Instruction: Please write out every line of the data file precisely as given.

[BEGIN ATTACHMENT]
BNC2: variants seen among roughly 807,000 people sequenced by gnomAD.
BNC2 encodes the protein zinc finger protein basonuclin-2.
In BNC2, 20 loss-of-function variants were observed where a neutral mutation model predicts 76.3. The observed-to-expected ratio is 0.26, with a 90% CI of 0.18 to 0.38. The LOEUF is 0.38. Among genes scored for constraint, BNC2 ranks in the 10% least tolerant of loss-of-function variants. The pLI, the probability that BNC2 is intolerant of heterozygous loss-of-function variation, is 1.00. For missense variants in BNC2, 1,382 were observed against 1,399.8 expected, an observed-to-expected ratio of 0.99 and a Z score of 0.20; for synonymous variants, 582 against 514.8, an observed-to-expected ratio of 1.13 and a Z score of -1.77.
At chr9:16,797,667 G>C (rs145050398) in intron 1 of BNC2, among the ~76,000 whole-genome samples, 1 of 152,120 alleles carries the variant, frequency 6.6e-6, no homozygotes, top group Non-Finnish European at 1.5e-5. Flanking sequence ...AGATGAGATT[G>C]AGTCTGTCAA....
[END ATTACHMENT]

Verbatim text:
BNC2: variants seen among roughly 807,000 people sequenced by gnomAD.
BNC2 encodes the protein zinc finger protein basonuclin-2.
In BNC2, 20 loss-of-function variants were observed where a neutral mutation model predicts 76.3. The observed-to-expected ratio is 0.26, with a 90% CI of 0.18 to 0.38. The LOEUF is 0.38. Among genes scored for constraint, BNC2 ranks in the 10% least tolerant of loss-of-function variants. The pLI, the probability that BNC2 is intolerant of heterozygous loss-of-function variation, is 1.00. For missense variants in BNC2, 1,382 were observed against 1,399.8 expected, an observed-to-expected ratio of 0.99 and a Z score of 0.20; for synonymous variants, 582 against 514.8, an observed-to-expected ratio of 1.13 and a Z score of -1.77.
At chr9:16,797,667 G>C (rs145050398) in intron 1 of BNC2, among the ~76,000 whole-genome samples, 1 of 152,120 alleles carries the variant, frequency 6.6e-6, no homozygotes, top group Non-Finnish European at 1.5e-5. Flanking sequence ...AGATGAGATT[G>C]AGTCTGTCAA....